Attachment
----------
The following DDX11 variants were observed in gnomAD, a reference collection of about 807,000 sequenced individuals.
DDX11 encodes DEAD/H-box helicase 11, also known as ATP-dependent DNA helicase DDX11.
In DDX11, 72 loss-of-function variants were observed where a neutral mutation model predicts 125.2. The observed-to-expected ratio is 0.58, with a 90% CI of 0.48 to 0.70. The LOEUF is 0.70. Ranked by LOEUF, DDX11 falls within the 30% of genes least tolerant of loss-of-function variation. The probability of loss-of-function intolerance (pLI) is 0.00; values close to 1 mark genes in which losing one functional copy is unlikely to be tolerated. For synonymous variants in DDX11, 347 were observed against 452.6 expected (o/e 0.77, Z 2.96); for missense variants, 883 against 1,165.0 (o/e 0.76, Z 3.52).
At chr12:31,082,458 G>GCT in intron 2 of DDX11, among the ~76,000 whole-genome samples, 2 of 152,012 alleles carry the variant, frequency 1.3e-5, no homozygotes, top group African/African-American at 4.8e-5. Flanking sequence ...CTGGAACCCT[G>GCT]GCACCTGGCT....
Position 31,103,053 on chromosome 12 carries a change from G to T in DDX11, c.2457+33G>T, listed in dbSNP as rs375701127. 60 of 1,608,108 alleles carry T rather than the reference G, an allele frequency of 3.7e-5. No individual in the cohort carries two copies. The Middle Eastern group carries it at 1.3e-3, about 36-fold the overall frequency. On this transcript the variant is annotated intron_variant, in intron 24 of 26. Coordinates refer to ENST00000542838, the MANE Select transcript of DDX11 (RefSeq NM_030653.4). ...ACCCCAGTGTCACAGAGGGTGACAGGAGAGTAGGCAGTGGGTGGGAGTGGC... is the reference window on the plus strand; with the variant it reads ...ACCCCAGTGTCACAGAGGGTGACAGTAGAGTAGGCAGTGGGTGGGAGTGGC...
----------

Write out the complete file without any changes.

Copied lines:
The following DDX11 variants were observed in gnomAD, a reference collection of about 807,000 sequenced individuals.
DDX11 encodes DEAD/H-box helicase 11, also known as ATP-dependent DNA helicase DDX11.
In DDX11, 72 loss-of-function variants were observed where a neutral mutation model predicts 125.2. The observed-to-expected ratio is 0.58, with a 90% CI of 0.48 to 0.70. The LOEUF is 0.70. Ranked by LOEUF, DDX11 falls within the 30% of genes least tolerant of loss-of-function variation. The probability of loss-of-function intolerance (pLI) is 0.00; values close to 1 mark genes in which losing one functional copy is unlikely to be tolerated. For synonymous variants in DDX11, 347 were observed against 452.6 expected (o/e 0.77, Z 2.96); for missense variants, 883 against 1,165.0 (o/e 0.76, Z 3.52).
At chr12:31,082,458 G>GCT in intron 2 of DDX11, among the ~76,000 whole-genome samples, 2 of 152,012 alleles carry the variant, frequency 1.3e-5, no homozygotes, top group African/African-American at 4.8e-5. Flanking sequence ...CTGGAACCCT[G>GCT]GCACCTGGCT....
Position 31,103,053 on chromosome 12 carries a change from G to T in DDX11, c.2457+33G>T, listed in dbSNP as rs375701127. 60 of 1,608,108 alleles carry T rather than the reference G, an allele frequency of 3.7e-5. No individual in the cohort carries two copies. The Middle Eastern group carries it at 1.3e-3, about 36-fold the overall frequency. On this transcript the variant is annotated intron_variant, in intron 24 of 26. Coordinates refer to ENST00000542838, the MANE Select transcript of DDX11 (RefSeq NM_030653.4). ...ACCCCAGTGTCACAGAGGGTGACAGGAGAGTAGGCAGTGGGTGGGAGTGGC... is the reference window on the plus strand; with the variant it reads ...ACCCCAGTGTCACAGAGGGTGACAGTAGAGTAGGCAGTGGGTGGGAGTGGC...